Twitter vs. India – The New York Times


This article is a part of the On Tech publication. You can join right here to obtain it weekdays.

A exceptional face-off is unfolding between an American web firm and the world’s largest democracy over the suitable bounds of free speech.

The backdrop is ongoing protests of farmers in India opposing new agriculture legal guidelines. The Indian authorities, citing its legal guidelines in opposition to subversion or threats to public order, demanded that Twitter delete or disguise greater than 1,100 accounts that it says have inspired violence or unfold misinformation.

Twitter has complied with a few of India’s orders. But Twitter has refused to take away accounts of journalists, activists and others that the corporate says are appropriately exercising their proper to criticize the federal government.

The authorities of Prime Minister Narendra Modi is saying Twitter is breaking the legislation. Twitter is saying that India is breaking its personal legal guidelines. And democracy activists say that tech corporations like Twitter shouldn’t play alongside when governments cross legal guidelines that successfully shut down free speech.

But Twitter is defying a democratically elected government.

People shouldn’t be under the impression that these companies see themselves as above the law. An important distinction in India is that the order came from a government ministry — not a court. Twitter is saying that India’s demands to block accounts or remove posts didn’t come through the regular rule of law.

What other questions does the standoff raise for you?

I have the same question that people asked after Trump was barred from Facebook and Twitter: What about all the other countries? Will Twitter also be more forceful in standing up to governments in Turkey, Egypt or Saudi Arabia? And how far is Twitter willing to go? Would it risk being blocked in India?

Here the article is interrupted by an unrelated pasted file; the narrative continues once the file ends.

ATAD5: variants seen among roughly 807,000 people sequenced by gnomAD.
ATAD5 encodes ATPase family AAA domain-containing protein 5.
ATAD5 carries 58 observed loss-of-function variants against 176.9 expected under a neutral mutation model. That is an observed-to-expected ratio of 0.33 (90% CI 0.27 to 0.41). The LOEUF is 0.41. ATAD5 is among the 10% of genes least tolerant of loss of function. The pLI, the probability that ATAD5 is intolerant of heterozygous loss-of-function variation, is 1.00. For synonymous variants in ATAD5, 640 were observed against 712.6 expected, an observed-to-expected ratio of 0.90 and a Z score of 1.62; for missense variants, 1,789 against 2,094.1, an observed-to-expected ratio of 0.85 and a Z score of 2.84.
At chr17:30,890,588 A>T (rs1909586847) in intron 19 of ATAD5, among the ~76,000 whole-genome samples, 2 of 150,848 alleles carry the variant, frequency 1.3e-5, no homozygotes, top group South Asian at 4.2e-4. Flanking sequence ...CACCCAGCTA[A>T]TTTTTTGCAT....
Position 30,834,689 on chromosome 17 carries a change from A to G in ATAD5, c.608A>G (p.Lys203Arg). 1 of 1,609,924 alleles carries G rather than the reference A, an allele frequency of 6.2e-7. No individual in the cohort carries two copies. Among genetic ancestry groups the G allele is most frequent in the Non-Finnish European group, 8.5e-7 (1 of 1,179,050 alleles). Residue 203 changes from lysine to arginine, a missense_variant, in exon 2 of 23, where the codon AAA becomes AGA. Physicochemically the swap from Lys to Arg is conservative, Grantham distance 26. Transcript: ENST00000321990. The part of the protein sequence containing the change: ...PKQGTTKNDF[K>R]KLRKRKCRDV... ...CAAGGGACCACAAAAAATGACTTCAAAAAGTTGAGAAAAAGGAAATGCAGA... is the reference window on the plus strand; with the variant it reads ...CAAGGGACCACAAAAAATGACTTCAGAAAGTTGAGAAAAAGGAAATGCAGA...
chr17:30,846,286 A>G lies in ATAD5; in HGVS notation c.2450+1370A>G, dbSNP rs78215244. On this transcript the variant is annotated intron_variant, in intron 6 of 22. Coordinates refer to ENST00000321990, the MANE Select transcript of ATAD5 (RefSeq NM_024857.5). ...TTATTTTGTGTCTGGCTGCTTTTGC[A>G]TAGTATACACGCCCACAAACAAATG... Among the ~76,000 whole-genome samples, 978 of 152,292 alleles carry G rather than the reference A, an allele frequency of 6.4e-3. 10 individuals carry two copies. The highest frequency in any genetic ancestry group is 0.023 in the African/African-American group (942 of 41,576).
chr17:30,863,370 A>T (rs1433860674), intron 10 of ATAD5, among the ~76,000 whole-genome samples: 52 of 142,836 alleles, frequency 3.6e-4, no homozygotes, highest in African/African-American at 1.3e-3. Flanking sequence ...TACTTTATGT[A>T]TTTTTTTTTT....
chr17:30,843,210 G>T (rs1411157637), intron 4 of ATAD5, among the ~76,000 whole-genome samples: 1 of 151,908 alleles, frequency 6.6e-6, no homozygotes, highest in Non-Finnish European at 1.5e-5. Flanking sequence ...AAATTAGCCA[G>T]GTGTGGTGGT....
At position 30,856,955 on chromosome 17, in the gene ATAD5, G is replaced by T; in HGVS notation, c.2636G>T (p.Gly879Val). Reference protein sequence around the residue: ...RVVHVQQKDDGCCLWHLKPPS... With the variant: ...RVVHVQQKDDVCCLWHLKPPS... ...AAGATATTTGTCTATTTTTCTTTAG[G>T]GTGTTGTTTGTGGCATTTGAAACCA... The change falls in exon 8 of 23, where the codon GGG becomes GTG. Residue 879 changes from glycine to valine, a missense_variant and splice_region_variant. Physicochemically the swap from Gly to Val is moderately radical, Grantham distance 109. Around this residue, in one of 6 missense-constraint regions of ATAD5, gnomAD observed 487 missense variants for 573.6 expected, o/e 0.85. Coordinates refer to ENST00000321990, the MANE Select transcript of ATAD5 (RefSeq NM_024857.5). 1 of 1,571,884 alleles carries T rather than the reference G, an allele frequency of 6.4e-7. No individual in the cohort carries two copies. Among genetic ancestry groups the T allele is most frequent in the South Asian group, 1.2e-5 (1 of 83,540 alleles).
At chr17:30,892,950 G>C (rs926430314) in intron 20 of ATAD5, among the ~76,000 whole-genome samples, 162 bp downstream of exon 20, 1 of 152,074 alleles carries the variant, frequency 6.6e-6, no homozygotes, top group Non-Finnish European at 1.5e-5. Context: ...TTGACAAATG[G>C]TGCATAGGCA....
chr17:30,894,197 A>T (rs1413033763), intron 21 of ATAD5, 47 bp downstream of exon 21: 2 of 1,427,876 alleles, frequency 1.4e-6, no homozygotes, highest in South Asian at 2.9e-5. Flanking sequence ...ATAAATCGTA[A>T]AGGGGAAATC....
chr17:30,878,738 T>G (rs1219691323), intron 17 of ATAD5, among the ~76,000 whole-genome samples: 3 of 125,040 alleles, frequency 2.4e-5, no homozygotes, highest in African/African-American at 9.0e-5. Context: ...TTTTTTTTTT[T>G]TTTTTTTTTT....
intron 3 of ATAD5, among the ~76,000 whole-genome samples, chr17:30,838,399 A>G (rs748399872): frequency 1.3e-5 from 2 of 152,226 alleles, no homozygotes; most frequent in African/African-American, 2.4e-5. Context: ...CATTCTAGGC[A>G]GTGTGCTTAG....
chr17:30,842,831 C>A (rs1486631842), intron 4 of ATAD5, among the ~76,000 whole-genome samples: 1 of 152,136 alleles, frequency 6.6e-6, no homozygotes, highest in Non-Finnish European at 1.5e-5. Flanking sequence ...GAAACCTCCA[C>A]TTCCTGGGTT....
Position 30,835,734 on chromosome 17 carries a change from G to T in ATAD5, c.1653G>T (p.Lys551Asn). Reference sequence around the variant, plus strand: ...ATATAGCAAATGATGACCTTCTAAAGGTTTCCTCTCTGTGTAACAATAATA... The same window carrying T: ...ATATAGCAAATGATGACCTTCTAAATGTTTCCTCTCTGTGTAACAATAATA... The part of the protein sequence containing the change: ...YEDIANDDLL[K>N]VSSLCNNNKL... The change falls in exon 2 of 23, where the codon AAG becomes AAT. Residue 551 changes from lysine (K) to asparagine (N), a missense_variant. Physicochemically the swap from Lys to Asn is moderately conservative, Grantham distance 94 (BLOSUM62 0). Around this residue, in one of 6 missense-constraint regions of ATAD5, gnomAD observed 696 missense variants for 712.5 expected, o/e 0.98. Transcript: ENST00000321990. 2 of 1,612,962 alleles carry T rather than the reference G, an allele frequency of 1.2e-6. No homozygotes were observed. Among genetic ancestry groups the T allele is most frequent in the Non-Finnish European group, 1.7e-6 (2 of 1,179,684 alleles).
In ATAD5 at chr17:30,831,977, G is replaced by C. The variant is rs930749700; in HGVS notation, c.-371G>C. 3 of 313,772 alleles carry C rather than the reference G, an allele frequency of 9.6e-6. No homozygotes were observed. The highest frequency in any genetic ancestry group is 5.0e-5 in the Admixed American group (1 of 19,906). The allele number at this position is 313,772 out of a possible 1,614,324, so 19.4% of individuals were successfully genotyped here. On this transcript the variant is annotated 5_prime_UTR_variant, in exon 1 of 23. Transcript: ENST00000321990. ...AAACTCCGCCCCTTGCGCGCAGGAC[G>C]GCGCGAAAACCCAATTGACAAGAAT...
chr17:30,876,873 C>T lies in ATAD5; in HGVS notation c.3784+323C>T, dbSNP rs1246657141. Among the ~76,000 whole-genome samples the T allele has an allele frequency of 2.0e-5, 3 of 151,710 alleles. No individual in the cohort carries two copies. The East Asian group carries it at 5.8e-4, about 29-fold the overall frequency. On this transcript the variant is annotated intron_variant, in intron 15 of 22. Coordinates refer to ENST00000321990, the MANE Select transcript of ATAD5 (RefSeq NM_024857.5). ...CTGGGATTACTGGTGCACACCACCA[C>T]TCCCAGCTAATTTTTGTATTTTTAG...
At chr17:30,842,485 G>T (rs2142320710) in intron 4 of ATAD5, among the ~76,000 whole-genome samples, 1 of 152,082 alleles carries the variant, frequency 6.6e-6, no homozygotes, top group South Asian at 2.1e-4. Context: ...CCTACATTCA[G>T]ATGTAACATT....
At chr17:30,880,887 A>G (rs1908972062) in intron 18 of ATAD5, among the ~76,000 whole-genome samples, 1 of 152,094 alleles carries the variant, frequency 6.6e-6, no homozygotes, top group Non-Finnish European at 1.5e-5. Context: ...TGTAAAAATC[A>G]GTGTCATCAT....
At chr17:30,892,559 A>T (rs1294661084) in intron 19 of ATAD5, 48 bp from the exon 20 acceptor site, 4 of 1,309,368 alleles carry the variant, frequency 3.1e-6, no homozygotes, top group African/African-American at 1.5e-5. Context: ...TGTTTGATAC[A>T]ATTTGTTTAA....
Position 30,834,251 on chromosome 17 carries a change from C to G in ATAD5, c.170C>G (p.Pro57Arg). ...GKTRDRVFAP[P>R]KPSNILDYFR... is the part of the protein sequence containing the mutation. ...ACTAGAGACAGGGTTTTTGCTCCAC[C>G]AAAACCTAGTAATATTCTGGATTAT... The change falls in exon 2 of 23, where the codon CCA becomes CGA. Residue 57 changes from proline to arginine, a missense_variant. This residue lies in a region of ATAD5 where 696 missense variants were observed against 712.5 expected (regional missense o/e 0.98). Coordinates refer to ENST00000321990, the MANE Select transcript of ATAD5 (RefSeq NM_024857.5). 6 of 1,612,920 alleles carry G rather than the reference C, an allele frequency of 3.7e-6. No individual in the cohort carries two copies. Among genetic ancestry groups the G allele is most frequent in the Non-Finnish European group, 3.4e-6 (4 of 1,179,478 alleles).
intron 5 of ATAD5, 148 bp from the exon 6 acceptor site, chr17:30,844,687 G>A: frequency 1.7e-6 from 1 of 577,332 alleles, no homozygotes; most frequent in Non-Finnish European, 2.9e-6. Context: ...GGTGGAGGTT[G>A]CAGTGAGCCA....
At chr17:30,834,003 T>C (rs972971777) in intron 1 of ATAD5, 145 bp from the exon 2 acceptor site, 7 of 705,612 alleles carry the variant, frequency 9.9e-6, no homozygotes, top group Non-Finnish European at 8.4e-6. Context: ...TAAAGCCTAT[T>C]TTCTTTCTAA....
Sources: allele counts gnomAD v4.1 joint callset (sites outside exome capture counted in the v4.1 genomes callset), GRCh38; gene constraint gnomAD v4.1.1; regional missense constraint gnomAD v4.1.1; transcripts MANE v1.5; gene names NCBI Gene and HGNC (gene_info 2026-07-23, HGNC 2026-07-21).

(Twitter does not automatically comply when a government — including the United States — requests that the company pull down content or hand over users’ data. Here are Twitter’s disclosures on how often it responds to such requests by the authorities in Saudi Arabia, Turkey, Egypt, India and the United States.)

How should we feel that a few internet companies have the power to shape citizens’ engagement with their governments and set the bounds of appropriate expression?

It’s a problem. These companies have massive and largely unaccountable power. The fundamental question is: Who decides what is legitimate speech on these platforms?

Both the internet companies and governments deserve blame. The companies haven’t provided transparency into their operations, their rules and their enforcement. Instead we have perpetual cycles of what look like seat-of-the-pants decisions in response to public pressure. And governments have largely not done the hard work to create smart regulation.

What does smart regulation look like?